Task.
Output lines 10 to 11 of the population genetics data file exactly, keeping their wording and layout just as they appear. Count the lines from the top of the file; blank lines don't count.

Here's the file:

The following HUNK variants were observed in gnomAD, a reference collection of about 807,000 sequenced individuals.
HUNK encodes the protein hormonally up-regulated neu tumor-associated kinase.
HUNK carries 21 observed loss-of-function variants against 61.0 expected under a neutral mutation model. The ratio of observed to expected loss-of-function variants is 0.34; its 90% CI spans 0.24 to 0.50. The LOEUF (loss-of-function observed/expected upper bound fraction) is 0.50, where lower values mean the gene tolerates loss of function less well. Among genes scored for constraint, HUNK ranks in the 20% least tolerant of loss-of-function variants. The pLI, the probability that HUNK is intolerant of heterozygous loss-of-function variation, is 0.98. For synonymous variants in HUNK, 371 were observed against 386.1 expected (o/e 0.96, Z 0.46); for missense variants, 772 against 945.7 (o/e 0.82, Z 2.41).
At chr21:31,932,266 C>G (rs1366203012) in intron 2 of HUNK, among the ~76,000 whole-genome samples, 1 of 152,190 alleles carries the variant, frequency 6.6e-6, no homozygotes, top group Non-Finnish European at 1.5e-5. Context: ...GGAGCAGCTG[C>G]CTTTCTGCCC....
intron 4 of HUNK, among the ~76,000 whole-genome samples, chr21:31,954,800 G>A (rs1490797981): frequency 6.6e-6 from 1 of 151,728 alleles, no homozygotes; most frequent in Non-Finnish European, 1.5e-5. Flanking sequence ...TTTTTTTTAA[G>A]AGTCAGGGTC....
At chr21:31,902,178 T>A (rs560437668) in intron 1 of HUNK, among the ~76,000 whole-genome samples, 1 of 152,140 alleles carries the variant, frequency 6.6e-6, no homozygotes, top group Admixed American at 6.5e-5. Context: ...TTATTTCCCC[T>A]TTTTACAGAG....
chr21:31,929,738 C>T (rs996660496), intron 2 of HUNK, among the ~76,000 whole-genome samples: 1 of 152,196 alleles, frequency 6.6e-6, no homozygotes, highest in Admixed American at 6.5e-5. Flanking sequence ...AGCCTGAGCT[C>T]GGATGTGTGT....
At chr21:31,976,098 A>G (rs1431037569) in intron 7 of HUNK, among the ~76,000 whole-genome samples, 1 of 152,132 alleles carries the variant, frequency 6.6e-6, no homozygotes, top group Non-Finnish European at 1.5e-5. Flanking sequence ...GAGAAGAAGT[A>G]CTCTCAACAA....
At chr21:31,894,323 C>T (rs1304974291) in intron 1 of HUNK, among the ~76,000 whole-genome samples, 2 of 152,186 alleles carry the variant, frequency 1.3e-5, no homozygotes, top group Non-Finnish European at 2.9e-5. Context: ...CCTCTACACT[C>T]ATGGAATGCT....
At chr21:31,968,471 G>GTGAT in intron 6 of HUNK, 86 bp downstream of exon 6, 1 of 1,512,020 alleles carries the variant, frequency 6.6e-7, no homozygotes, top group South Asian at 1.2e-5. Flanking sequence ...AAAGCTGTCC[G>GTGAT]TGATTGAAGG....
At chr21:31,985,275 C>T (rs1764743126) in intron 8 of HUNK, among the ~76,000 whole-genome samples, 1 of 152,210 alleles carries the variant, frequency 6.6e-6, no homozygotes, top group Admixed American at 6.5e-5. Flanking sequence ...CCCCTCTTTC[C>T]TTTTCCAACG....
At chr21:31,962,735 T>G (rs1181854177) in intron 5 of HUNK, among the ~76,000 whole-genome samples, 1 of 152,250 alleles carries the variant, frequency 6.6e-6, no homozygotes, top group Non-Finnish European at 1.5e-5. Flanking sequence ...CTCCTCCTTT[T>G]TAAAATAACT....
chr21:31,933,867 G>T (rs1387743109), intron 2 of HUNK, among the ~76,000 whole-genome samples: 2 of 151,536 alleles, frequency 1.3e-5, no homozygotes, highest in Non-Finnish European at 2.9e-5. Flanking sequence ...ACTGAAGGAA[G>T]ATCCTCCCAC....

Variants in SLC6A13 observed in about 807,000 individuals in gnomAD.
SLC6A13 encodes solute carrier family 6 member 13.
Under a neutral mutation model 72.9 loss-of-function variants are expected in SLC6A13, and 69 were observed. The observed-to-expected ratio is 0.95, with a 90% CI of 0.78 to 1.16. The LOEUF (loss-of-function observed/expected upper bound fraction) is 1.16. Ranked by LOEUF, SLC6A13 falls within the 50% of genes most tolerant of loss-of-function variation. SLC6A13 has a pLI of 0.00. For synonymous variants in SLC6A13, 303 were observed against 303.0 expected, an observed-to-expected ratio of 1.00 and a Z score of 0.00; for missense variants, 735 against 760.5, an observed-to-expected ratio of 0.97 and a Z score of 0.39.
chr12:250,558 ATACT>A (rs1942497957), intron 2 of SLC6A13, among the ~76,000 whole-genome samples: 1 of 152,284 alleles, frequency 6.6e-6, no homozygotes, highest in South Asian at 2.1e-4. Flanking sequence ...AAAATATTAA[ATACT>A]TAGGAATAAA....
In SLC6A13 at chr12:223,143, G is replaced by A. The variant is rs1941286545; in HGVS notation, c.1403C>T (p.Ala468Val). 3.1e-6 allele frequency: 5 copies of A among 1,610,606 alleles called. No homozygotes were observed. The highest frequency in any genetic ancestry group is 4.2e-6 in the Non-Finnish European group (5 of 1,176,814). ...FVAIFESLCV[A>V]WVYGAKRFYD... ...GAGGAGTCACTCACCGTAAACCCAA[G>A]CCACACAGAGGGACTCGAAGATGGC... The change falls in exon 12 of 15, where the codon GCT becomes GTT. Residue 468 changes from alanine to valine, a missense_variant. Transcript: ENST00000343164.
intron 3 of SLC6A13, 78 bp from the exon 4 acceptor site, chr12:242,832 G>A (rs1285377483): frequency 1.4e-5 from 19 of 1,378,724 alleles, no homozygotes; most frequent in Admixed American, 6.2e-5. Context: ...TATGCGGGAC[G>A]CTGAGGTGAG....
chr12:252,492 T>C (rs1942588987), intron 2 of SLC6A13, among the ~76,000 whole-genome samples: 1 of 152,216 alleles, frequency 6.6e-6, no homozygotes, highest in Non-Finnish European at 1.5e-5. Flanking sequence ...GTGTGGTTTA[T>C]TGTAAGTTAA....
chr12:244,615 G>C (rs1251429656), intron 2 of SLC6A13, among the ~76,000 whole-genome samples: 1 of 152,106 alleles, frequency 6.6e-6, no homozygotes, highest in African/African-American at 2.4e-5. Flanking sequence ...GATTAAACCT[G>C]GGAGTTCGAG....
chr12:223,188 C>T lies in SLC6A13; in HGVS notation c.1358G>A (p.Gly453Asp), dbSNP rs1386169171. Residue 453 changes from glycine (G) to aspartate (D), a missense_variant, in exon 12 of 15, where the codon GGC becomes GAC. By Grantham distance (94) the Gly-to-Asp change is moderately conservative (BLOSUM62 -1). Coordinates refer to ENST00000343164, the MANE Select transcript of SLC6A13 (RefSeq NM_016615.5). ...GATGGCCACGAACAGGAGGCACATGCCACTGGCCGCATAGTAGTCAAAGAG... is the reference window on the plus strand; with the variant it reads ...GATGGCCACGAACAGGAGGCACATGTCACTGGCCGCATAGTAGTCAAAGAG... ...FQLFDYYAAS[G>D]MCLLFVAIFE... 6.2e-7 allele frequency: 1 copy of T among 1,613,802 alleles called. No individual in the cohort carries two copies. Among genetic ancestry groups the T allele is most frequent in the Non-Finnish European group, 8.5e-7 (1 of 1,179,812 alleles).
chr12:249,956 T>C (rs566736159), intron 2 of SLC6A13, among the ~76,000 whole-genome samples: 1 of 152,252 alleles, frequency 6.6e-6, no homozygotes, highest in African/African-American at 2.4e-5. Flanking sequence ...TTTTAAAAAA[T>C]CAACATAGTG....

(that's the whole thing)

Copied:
At chr21:31,968,471 G>GTGAT in intron 6 of HUNK, 86 bp downstream of exon 6, 1 of 1,512,020 alleles carries the variant, frequency 6.6e-7, no homozygotes, top group South Asian at 1.2e-5. Flanking sequence ...AAAGCTGTCC[G>GTGAT]TGATTGAAGG....
At chr21:31,985,275 C>T (rs1764743126) in intron 8 of HUNK, among the ~76,000 whole-genome samples, 1 of 152,210 alleles carries the variant, frequency 6.6e-6, no homozygotes, top group Admixed American at 6.5e-5. Flanking sequence ...CCCCTCTTTC[C>T]TTTTCCAACG....